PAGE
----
Thursday, May 16, 2013

Mickey's Not Goofing Around!

Walt Disney (NYSE: DIS) shareholders were surely feeling the magic when the media giant posted a 32% increase in earnings.

Net income for the quarter ending Mar. 30 was $1.51 billion, or $0.83 a share, compared with $1.14 billion, or $0.63 per share in the same quarter a year earlier. Revenue jumped 10% to $10.55 billion.

Driving the strong numbers were significant growth at its theme parks, continued strength from its ESPN cable network and solid gains from its film studios.

Crediting a steadily improving economy in which individuals felt better enough to take vacations, CEO Bob Iger told CNBC, “Obviously, our parks and resorts had a great quarter that was helped a lot by some of our new investments, notably at Disney Land and in Florida, but also our new cruise ship and investments in Hong Kong.”

Strong performance

The park and resort division did indeed look like the happiest place on earth. Total revenue for the segment rose 14% to $3.3 billion, and operating income swelled 73% to $383 million.

Film studio revenue also provided action,  jumping 13% to $1.34 billion. Operating income swung from an $83 million loss a year ago to a $118 thanks to films such as “Oz: The Great and Powerful,” and "Wreck-It Ralph.”

Underscoring Disney’s newly-recovered prowess as a film studio, the recently-released "Iron Man 3" from the Disney-owned Marvel Studios raked in over $680 million in global box office receipts over a mere 12 days. This has drawn comparisons to Marvel Studios' previous offering, "The Avengers," which went on to become the third top-grossing movie of all time.

“Not only does it validate a strategy of big franchise films that we leverage across our businesses, but it bodes very well for Marvel,” Iger added. The Disney chief says he hopes to bring “Iron Man” back again.

Once again a bright spot, Disney’s cable network businesses continue to be a resolute pillar. Cable revenue rose 9% to $3.46 billion, while operating income was up 15% to $1.72 billion. Credit goes in large part to the company's hugely successful sport network ESPN.

Industry revival

Rival Time Warner (NYSE: TWX) also recently reported robust first quarter results and provided rosy guidance. The company's earnings-per-share rose 22% and operating income grew 7% to $1.4 billion. In a nod of confidence, the company repurchased 16 million shares, worth some $868 million, year-to-date through Apr. 26.

Time Warner Chairman and CEO Jeff Bewkes said, ‘We’re off to a strong start in 2013, making us even more confident in our full year outlook.”

Bewkes cited its cable network for solid growth. The NCAA Division 1 Men’s Basketball tournament was the most watched March Madness in almost two decades. In addition, its TBS channel was the No. 1 ad-supported cable network in prime-time.

New shows such as "Revolution" and "The Following" were hits. Meanwhile, HBO’s "Game of Thrones" is on track to become the most watched series on HBO since "The Sopranos."

Time Warner will spin off its publishing arm, Time, by the end of the year. The move is aimed at unlocking value in both companies.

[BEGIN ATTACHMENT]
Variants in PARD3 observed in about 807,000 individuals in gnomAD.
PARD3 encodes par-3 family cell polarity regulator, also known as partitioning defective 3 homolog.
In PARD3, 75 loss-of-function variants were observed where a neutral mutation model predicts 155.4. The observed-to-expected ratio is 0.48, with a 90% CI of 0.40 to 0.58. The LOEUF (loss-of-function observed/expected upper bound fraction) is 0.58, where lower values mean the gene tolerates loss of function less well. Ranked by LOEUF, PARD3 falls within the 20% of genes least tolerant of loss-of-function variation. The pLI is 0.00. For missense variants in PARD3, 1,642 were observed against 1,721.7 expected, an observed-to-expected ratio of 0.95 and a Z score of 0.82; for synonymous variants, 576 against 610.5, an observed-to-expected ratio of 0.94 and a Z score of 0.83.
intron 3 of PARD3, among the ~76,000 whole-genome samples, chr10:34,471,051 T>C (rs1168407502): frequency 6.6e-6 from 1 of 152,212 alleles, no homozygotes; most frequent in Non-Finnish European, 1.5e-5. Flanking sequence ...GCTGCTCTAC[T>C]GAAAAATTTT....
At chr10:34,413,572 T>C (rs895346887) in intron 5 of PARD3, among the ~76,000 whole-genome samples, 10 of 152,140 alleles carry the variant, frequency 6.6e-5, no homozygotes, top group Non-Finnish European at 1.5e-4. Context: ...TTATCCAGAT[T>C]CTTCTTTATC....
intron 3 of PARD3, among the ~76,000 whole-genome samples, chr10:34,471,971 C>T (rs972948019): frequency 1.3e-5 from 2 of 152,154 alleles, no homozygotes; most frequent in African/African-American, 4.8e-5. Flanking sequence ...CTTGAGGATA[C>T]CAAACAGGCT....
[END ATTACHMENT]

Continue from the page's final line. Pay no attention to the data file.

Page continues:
Colleague CBS (NYSE: BCS) also posted strong first quarter earnings of $0.73 per share, better than the $0.68 per share Wall Street economists were looking for, and up 23.7% from the same quarter a year ago.

Driving the results were higher revenue and a rise in affiliate and subscription fees. CBS remains optimistic and expects growth momentum to continue through 2013. Streaming deals with Netflix and will also serve CBS well.

Where dreams come true

As good as Disney's performance in the quarter was, there was a snag.

The company’s ABC network, TV production studio and local channels were a bit of a turn off. Operating income for the television business dropped 40% to $138 million. Revenue dipped 2% to $1.5 billion.

Despite the segment's lackluster showing, Iger remains upbeat. The chief anticipates that new series such as Marvel's upcoming "Agents of SHIELD" will propel the network forward.

“We are pleased with our overall performance, confident in our strategy and thrilled with the stock price that keeps reaching new record highs," Iger said during the conference call.

In an effort to keep reaching for the stars, Disney bought Lucasfilm late last year for $4 billion (the franchise was valued at around $30 billion at the time.) Big plans have been mapped out for the newly acquired Star Wars franchise. The Star Wars universe is comprised of 17,000 characters, living on thousands of planets in a timeframe of over 20,000 years. The franchise gave birth to six blockbuster movies that still retain a cult-like following as well as a number of classic video games.

Disney is scheduled to release a new Star Wars film in 2015, with a new sequel to be released every two to three years. Additional one-off films, related merchandise and theme parks are also planned. The possibilities for the property are out of this world.

Additional Marvel films to follow "Iron Man 3" are also planned to continue the global phenomenon. The film scored the second best opening of all time with $174.1 million, and it's on the way to surpass the $1 billion mark soon. Two more films in the same universe are currently filming, and at least three more are in pre-production.


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